Starter/Good/Great/Bananas Live Streaming Setups

For the next year or two, we’re going to be learning and sharing online rather than in-person. I wanna look and sound as good as my budget (and my face) will allow, so in this post, I’m going to lay out a starter ($220), good ($1,500), and great ($3,000) online video/audio setups and show you what each level looks & sounds like.

The links in this post are all Amazon referral links, so I get a kickback if you buy through ’em. If you buy your gear through these links, I appreciate your generosity – it’s like tipping me for putting the time into building posts like this. You rock. I love you. Now let’s get started.

The easiest way to understand how investments can pay off is to talk about microphones. In this 11-minute video, I use four different microphones so you can hear the difference between different investment levels:

The gear I show in that video:

  1. Crappy: Logitech Brio webcam ($200) – sold out everywhere, but that’s okay, you probably don’t wanna buy it after hearing it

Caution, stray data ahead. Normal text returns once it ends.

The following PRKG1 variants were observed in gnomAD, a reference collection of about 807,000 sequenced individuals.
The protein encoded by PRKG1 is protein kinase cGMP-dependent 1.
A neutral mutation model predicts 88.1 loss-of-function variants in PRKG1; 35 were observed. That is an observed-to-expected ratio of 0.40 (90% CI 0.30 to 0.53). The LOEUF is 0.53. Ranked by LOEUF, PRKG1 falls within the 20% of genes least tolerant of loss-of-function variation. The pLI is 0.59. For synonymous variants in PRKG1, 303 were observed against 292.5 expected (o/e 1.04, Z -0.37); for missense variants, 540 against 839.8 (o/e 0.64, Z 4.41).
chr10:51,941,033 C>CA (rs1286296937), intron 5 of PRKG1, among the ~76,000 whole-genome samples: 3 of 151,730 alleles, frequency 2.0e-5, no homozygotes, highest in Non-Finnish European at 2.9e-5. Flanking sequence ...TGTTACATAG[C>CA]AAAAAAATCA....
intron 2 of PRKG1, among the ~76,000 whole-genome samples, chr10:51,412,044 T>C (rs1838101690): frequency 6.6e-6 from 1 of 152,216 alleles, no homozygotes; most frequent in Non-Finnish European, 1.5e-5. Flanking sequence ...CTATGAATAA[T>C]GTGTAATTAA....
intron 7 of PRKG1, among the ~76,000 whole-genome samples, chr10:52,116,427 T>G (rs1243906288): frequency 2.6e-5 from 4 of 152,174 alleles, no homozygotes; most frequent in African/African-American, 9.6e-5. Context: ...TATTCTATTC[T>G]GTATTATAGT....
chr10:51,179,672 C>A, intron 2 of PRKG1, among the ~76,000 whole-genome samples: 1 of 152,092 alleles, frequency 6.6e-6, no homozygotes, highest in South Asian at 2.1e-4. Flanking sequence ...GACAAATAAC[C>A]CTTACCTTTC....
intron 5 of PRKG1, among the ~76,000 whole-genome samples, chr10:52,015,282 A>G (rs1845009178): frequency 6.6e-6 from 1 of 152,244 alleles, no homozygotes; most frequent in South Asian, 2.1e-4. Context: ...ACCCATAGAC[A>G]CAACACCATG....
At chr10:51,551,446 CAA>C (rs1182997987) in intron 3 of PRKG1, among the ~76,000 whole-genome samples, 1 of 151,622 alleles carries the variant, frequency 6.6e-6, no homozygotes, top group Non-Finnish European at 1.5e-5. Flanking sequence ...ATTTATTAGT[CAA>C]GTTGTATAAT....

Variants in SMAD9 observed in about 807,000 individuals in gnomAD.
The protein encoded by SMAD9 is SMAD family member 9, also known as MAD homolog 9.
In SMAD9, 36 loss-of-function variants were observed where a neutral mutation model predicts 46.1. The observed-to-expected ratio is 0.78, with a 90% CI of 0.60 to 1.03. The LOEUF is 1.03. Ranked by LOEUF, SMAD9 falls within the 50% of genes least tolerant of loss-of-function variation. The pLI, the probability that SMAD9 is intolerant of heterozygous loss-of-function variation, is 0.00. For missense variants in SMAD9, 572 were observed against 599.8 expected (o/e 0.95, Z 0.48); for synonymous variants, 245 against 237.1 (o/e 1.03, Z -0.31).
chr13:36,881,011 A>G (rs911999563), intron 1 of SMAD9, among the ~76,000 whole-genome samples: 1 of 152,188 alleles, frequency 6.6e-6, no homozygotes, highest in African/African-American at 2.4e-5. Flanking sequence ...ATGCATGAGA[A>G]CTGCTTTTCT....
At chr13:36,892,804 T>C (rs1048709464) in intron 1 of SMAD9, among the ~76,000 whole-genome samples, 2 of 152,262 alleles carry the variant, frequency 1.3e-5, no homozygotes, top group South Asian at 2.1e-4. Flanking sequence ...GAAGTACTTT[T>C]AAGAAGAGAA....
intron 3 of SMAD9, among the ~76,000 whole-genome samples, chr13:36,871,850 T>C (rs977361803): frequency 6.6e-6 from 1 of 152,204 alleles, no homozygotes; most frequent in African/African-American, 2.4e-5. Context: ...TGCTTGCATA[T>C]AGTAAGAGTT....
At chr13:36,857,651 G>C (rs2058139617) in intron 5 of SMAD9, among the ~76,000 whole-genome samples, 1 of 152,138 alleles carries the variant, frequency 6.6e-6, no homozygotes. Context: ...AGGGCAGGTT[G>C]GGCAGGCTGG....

2. Starter: Jabra Evolve 40 headset ($100) – and make sure to pick whether you want mono (1 headphone) or stereo (2 headphone speakers), and USB-A or USB-C.
  3. Good: Electro-Voice RE20 microphone ($400) – which also needs the Focusrite Solo or 2i2 (whichever is in stock), an XLR cable, and a boom arm (whatever’s in stock)
  4. Great (for me): DPA headset ($1,000) – highly configurable for one or two earpieces, different colors for different skin tones, etc. This one isn’t a referral link because the buying process is kinda tricky because they’re so configurable: DPA assembles these to order whenever your order is placed through one of their resellers. When you get to the point of picking out the audio adapter, you want the XLR version, which you can then plug into a Focusrite Solo or 2i2 (whichever is in stock) using an XLR cable.
  5. More microphones: Marco Arment’s podcasting microphone review – with samples from dozens of microphones.

See – or hear, I guess – what I mean about starter, good, and great? Everything about streaming has that gradual progression. Now let’s zoom out and talk about what influences our decisions as we pick out our gear and upgrade it over time.

My home office has constraints.